“I thought this concept was kind of cool, and I’ve always considered myself a fun-loving guy, so I decided to do it,” Jiang said. “I knew that I needed to get stronger and tougher. Even if I don’t become a successful entrepreneur, I felt like doing this was going to make me a better person.”
His first quest for rejection was a successful. Jiang approached a security guard at a hotel lobby and asked him to borrow $100. Predictably, the man responded with a no and a look that left little to interpretation.
“I had no idea how he was going to react,” Jiang told me two weeks after the incident. “As soon as he gave me what I was looking for, I just scurried away. I was afraid that he was going to shoot me.”
For his third video challenge, Jiang walked into a local Krispy Kreme store to ask that they reproduce the Olympic symbol with donuts. He was expecting yet another rejection. Instead, he met Jackie.
Jackie, the shift leader working that particular day, was initially perplexed by Jiang’s request. Instead of rejecting him, however, she went to the back of the store and emerged 15 minutes later holding a box of donuts linked together and frosted in the colors of the Olympic symbol. When Jiang tried to pay for them, Jackie refused, claiming that it wasn’t perfect and therefore she couldn’t charge him. It was one of the better documentations of amazing customer service.
A few days later, thanks to Reddit, the video went viral. As of this writing, the post has received 3,066 karma points and 1,324 comments, the bulk of them extolling Jackie for her actions.
“Made me feel all warm and fuzzy inside. I sent the link to Krispy Kreme, hopefully she’ll get some sort of recognition for her kind act,” wrote user synakus.
The video, which now has more than 5 million views on YouTube, also made it to the front page of Yahoo. It has earned Jackie much deserved recognition from corporate headquarters, and it brought a large audience to Jiang’s self-imposed challenge.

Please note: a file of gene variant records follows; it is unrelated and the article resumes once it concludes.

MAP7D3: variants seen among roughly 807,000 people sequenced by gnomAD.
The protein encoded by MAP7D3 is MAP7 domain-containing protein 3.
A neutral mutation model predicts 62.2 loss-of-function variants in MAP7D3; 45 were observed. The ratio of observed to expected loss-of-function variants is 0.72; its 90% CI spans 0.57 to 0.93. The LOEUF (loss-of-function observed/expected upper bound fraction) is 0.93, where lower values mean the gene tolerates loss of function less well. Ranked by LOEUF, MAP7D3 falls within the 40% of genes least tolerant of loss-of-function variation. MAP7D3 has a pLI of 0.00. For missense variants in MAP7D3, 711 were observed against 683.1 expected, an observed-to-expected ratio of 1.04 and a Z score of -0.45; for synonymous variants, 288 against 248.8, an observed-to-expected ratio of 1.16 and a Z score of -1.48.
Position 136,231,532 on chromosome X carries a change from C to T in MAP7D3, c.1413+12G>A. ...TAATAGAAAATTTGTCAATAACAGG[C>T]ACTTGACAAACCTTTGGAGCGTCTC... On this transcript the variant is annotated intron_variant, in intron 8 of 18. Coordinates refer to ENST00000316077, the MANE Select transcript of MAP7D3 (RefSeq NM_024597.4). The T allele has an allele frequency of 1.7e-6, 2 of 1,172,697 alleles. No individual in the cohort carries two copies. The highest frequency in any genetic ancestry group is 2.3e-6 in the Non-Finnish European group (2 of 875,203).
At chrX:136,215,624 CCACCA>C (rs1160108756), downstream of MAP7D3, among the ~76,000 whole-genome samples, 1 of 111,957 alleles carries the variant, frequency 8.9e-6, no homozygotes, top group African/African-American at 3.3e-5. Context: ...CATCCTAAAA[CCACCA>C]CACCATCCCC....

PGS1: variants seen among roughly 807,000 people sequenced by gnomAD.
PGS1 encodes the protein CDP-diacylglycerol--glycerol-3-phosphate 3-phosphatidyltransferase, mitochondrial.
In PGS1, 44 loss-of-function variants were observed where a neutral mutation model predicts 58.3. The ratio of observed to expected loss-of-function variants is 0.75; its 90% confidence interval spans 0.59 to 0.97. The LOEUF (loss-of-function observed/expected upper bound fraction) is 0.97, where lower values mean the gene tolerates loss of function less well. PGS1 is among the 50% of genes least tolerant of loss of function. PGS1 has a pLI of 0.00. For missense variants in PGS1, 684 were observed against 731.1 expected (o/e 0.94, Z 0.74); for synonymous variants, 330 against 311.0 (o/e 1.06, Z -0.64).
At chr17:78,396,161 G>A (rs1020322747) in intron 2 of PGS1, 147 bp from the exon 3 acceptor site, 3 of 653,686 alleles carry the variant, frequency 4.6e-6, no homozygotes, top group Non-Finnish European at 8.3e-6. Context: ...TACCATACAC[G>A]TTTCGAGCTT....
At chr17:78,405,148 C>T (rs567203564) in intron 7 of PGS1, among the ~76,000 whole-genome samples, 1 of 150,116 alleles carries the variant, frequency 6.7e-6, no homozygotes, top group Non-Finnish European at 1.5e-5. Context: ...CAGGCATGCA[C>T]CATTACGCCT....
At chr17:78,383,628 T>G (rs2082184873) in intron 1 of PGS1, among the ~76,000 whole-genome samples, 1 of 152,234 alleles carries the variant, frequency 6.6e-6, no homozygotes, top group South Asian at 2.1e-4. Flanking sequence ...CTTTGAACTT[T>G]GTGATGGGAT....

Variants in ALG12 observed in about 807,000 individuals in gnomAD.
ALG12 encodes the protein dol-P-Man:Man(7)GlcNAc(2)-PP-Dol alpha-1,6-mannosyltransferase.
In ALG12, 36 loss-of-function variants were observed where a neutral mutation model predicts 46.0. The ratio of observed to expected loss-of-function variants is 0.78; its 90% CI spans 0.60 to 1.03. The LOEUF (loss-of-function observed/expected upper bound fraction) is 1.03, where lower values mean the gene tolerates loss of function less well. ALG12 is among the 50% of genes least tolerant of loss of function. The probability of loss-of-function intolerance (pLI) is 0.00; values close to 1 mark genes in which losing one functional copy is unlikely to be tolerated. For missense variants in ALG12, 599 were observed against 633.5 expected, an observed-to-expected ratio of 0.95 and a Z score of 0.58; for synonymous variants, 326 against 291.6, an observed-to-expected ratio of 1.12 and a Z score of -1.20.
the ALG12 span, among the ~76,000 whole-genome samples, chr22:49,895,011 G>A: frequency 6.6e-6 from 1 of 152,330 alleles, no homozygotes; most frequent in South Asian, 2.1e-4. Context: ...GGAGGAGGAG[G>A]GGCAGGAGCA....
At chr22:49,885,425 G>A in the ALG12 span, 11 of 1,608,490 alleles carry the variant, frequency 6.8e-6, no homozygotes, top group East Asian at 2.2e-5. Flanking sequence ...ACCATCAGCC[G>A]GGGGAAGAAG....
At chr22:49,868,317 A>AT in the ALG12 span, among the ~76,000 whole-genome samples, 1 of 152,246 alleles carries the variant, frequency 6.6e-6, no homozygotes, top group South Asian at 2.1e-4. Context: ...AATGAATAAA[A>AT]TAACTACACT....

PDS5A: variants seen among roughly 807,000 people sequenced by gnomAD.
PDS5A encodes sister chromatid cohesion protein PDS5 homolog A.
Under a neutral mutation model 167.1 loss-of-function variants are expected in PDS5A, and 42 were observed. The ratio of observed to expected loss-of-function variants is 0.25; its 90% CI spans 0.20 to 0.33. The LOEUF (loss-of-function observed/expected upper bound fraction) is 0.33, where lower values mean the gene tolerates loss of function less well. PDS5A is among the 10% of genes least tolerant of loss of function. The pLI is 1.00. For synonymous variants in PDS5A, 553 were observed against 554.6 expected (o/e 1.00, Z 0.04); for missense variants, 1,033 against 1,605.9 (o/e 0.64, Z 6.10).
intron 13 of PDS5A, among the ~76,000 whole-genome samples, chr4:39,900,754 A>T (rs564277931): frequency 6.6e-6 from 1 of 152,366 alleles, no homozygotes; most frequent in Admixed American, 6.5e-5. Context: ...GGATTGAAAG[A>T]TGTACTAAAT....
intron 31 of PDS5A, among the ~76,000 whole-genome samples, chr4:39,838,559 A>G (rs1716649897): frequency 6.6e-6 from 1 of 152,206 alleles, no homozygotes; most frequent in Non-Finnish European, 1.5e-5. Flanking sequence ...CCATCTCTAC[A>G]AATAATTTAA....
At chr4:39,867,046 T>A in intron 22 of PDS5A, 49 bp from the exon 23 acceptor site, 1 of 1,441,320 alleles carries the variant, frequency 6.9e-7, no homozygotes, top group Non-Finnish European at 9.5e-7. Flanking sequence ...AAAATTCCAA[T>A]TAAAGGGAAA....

“I was surprised by its popularity,” Jiang recalled. “I was in a Dallas at a coffee shop, waiting for my wife to finish an exam. My phone started going crazy. It ran out of power because of how much it was vibrating because of the Twitter follows and friend requests I was getting. It was a crazy day.”
Since then, Jiang has learned how to handle rejection better. He told me that after two weeks, he wasn’t as phased by getting turned down. In fact, he often follows up now by asking the subject why his request was rejected—a process that demystifies the refusal and opens the possibility for a change of course.
With each new challenge and video, followers have watched Jiang become more confident and satisfied.
Last week, I witnessed it firsthand.
I had asked Jiang to tag along for one of his rejection challenges. The original plan was for him to go to a mattress store and ask someone if he could take a 15-minute nap there, but for whatever reason he chose to scrap that idea.
Disappointed, I followed him to a coffee shop close by for the interview. After talking to him for about an hour, and emboldened and motivated by his story, I asked him if he could do another rejection video on the spot. Without much hesitation, Jiang obliged. His challenge was to approach the young and amiable barista and ask if he could go behind the counter so that she could teach him how to make her favorite coffee beverage.
He confidently walked over to the counter and made his request. I was sitting a good 15 feet away, cringing and think that the barista would feel like he was hitting on her.
But I was wrong. The barista happily let Jiang behind the counter and walked him through the process of making a Chai tea latte.
Afterwards, as we were walking back to our respective cars, I asked him if he was afraid.
“Yeah, I’m afraid, but not of having a girl say no to me. I’m confident but with real fear. Real fear is being afraid of failure, of having to go back to work. This? It’s not that big of a deal.”
He told me that the biggest lesson he’s learned is to not equate a rejection of a request with a rejection of oneself.
“I hear a lot of ‘no’s now, which I’m OK with.”
Screengrab via YouTube